Wednesday, September 29, 2010

Two Steps Forward, One Step Back

Last night's class was good, but not as good as the others have been.  Right from the start Jonah was trying to get on all the equipment rather than paying attention to me.  I'm not sure if the initial warm-up when I was pulling him away from obstacles influenced the performance later, but nonetheless he was distracted. 

When we warmed up with the back-chaining, he was about like he's been in past weeks:  he'll get it sometimes, but sometimes he swings his butt off.  Also he'll get the two on/two off positioning, then look at me, and upon being reminded then he will touch the target.  One of the teachers has told us to bait the target so he's driving to that rather than looking for me, but the other teacher doesn't like to bait targets.  It's a little bit of a confusion, and I'm not sure we've found the right answer, but we're not too far off.  He's so great with the target when it's not at the bottom of an obstacle, but somehow it's not his thing when it is. 

We learned some ground work for a rear cross and he was awesome at it.  The other dogs in the class were having trouble, but Jonah got it right away.  Of course, we've done a bunch of spinning exercises before, but it was still a nice breath of air to have him be super good at something.

After warm-ups we split up into groups and our group started with weave poles.  We had three straight poles that we were supposed to weave through.  It was a little tough to handle leashes and luring the dogs right through the poles, but Jonah did well.  Again, he didn't 'get it' like he does at home, but the environment was different and I was handling it differently than I would at home, so I don't know why I would expect him to understand.  After doing the three straight poles we did the full channel of 12, still about a foot wide.  Jonah thought that was no problem at all and went right through happily.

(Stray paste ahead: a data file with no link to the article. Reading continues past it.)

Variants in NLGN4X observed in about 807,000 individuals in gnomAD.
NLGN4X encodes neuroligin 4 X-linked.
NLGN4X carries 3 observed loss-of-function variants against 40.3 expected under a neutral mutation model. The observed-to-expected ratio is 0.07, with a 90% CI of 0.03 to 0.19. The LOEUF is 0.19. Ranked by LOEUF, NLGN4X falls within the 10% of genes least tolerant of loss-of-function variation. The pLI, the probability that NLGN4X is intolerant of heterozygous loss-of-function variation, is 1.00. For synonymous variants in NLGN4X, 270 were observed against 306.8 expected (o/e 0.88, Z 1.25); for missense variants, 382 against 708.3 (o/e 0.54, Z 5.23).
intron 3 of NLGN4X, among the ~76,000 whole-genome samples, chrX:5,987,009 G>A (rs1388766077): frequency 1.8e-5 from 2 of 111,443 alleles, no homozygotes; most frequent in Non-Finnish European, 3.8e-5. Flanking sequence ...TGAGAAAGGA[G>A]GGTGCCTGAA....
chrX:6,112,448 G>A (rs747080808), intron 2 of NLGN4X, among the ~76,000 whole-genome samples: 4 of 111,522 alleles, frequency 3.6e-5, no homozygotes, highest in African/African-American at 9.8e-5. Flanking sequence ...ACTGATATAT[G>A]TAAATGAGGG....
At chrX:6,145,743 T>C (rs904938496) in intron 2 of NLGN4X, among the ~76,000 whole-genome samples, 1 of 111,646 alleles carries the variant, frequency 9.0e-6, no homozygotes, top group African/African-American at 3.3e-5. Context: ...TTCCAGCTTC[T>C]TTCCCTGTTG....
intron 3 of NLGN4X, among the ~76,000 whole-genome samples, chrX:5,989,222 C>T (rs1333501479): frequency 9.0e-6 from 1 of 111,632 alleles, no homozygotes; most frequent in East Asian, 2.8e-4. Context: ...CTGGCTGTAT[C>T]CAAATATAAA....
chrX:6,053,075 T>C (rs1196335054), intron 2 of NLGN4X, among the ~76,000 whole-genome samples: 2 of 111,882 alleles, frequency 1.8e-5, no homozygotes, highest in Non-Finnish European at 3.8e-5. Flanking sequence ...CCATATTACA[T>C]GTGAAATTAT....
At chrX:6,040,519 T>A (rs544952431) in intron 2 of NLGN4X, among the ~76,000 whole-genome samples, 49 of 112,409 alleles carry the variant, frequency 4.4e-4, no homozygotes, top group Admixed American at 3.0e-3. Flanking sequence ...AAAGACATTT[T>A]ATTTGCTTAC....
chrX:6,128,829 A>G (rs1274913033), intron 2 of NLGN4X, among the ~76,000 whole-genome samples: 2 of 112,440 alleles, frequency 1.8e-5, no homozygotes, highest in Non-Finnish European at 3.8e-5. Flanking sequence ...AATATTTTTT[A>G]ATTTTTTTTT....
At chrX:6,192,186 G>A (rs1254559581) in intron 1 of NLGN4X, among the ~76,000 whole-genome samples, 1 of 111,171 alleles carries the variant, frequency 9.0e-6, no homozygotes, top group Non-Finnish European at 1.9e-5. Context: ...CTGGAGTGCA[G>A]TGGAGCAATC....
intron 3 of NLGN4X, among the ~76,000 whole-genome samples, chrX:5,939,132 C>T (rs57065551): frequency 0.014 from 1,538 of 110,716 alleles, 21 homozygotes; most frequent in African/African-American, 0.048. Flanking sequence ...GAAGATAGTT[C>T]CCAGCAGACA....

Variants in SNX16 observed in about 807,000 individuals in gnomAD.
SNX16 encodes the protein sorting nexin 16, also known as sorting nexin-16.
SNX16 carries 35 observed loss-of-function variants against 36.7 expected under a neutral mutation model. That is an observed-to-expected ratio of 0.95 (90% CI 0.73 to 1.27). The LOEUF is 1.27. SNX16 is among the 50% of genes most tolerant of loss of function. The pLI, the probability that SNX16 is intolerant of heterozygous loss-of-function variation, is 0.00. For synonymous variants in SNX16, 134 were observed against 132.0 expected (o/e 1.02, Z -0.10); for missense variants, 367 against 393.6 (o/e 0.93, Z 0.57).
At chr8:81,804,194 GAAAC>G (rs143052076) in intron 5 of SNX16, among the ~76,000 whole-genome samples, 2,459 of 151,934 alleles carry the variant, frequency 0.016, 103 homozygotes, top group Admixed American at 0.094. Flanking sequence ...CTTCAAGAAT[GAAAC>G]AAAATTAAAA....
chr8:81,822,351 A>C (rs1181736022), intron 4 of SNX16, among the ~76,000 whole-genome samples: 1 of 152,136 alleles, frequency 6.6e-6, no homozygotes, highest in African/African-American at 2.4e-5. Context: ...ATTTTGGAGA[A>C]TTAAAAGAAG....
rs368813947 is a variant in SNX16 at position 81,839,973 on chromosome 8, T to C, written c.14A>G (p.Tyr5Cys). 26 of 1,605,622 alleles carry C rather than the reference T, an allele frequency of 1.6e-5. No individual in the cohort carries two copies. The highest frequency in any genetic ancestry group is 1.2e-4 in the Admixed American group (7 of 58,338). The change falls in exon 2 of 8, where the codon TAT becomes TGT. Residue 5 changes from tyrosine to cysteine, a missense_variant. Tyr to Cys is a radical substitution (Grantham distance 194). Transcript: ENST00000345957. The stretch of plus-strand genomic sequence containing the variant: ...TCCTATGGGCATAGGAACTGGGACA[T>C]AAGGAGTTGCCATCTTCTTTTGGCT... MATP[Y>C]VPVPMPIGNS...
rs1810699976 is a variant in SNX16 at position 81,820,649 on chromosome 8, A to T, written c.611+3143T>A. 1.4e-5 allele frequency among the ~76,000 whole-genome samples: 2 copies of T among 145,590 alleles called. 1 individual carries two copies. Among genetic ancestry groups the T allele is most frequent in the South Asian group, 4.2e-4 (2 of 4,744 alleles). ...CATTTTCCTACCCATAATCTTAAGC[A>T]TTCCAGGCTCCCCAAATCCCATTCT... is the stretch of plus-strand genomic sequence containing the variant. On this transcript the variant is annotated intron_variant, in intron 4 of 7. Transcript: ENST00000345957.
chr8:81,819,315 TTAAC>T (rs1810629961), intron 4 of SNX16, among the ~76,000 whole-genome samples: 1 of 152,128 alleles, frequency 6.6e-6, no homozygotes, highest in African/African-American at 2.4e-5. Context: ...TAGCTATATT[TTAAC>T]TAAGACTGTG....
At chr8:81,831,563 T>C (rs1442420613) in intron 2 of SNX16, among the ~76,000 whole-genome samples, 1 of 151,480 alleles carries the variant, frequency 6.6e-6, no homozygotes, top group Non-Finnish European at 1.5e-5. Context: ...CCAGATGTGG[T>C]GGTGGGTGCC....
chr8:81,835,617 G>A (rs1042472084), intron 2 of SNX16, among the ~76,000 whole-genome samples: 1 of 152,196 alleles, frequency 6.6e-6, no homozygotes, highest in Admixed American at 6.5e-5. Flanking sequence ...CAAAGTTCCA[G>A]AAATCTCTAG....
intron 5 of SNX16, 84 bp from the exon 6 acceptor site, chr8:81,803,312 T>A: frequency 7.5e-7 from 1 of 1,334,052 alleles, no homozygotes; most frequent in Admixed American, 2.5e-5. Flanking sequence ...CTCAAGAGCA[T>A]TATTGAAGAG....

Next we worked on a line of three jumps that were all at funny angles.  Jonah jumped the first great but then wanted to run out at the second and I had to push him back into the line a little bit.  All of the dogs were doing this, but it's strange to me that he would be so great with jumps at home and not at school.  Again, though, I handle a little differently; at home I'll often start with a lead out, and our jumps at home don't have wings.  You wouldn't think a wing about a foot wide would make that much of a difference, but maybe it does.

Then we did the tunnel, which was curved.  For the first time since we were at Gemini, Jonah didn't do the tunnel perfectly.  He balked entering, went in a few feet, turned around and came back out.  Oops.  After the first time he always did it well, but I was surprised at his hesitance at the first time through.  Other days we've always started with the tunnel straight and then curved it, so maybe he was confused when it started out curved.

After the tunnel we did the chute.  Jonah had no problems with it.  Our teacher still holds it open about a foot as they enter and then drops the cloth on their backs once they're inside.  Jonah didn't seem at all worried, but he wasn't really driving through, either.  I'm not sure if he would push it all the way open on his own just yet.